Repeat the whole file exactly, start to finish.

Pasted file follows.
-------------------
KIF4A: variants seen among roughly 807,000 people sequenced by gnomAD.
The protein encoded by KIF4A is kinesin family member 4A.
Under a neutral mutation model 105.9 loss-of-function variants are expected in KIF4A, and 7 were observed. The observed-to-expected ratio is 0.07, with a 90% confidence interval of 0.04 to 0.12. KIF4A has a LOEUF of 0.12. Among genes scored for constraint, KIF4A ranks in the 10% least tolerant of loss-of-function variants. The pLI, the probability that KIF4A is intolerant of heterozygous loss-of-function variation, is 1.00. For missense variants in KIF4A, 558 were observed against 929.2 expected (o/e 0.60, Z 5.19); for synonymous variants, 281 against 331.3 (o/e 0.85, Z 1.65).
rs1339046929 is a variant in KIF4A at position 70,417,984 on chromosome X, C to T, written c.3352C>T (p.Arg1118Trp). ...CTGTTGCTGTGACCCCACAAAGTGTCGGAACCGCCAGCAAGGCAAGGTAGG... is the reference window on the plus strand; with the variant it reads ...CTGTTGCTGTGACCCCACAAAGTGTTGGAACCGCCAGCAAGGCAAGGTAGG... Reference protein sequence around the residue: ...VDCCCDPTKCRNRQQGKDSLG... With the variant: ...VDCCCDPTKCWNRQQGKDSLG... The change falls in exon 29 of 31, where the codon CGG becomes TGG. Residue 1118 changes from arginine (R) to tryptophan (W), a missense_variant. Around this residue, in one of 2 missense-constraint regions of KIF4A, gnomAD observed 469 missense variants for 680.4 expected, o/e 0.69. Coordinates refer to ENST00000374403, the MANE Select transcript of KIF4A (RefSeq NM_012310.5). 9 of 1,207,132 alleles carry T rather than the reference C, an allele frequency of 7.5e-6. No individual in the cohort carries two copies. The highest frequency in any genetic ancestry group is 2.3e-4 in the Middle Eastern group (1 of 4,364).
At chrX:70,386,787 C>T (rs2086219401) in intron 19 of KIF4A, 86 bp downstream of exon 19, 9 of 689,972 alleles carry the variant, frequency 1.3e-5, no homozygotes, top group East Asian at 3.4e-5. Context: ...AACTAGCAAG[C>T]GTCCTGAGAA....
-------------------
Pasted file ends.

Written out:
KIF4A: variants seen among roughly 807,000 people sequenced by gnomAD.
The protein encoded by KIF4A is kinesin family member 4A.
Under a neutral mutation model 105.9 loss-of-function variants are expected in KIF4A, and 7 were observed. The observed-to-expected ratio is 0.07, with a 90% confidence interval of 0.04 to 0.12. KIF4A has a LOEUF of 0.12. Among genes scored for constraint, KIF4A ranks in the 10% least tolerant of loss-of-function variants. The pLI, the probability that KIF4A is intolerant of heterozygous loss-of-function variation, is 1.00. For missense variants in KIF4A, 558 were observed against 929.2 expected (o/e 0.60, Z 5.19); for synonymous variants, 281 against 331.3 (o/e 0.85, Z 1.65).
rs1339046929 is a variant in KIF4A at position 70,417,984 on chromosome X, C to T, written c.3352C>T (p.Arg1118Trp). ...CTGTTGCTGTGACCCCACAAAGTGTCGGAACCGCCAGCAAGGCAAGGTAGG... is the reference window on the plus strand; with the variant it reads ...CTGTTGCTGTGACCCCACAAAGTGTTGGAACCGCCAGCAAGGCAAGGTAGG... Reference protein sequence around the residue: ...VDCCCDPTKCRNRQQGKDSLG... With the variant: ...VDCCCDPTKCWNRQQGKDSLG... The change falls in exon 29 of 31, where the codon CGG becomes TGG. Residue 1118 changes from arginine (R) to tryptophan (W), a missense_variant. Around this residue, in one of 2 missense-constraint regions of KIF4A, gnomAD observed 469 missense variants for 680.4 expected, o/e 0.69. Coordinates refer to ENST00000374403, the MANE Select transcript of KIF4A (RefSeq NM_012310.5). 9 of 1,207,132 alleles carry T rather than the reference C, an allele frequency of 7.5e-6. No individual in the cohort carries two copies. The highest frequency in any genetic ancestry group is 2.3e-4 in the Middle Eastern group (1 of 4,364).
At chrX:70,386,787 C>T (rs2086219401) in intron 19 of KIF4A, 86 bp downstream of exon 19, 9 of 689,972 alleles carry the variant, frequency 1.3e-5, no homozygotes, top group East Asian at 3.4e-5. Context: ...AACTAGCAAG[C>T]GTCCTGAGAA....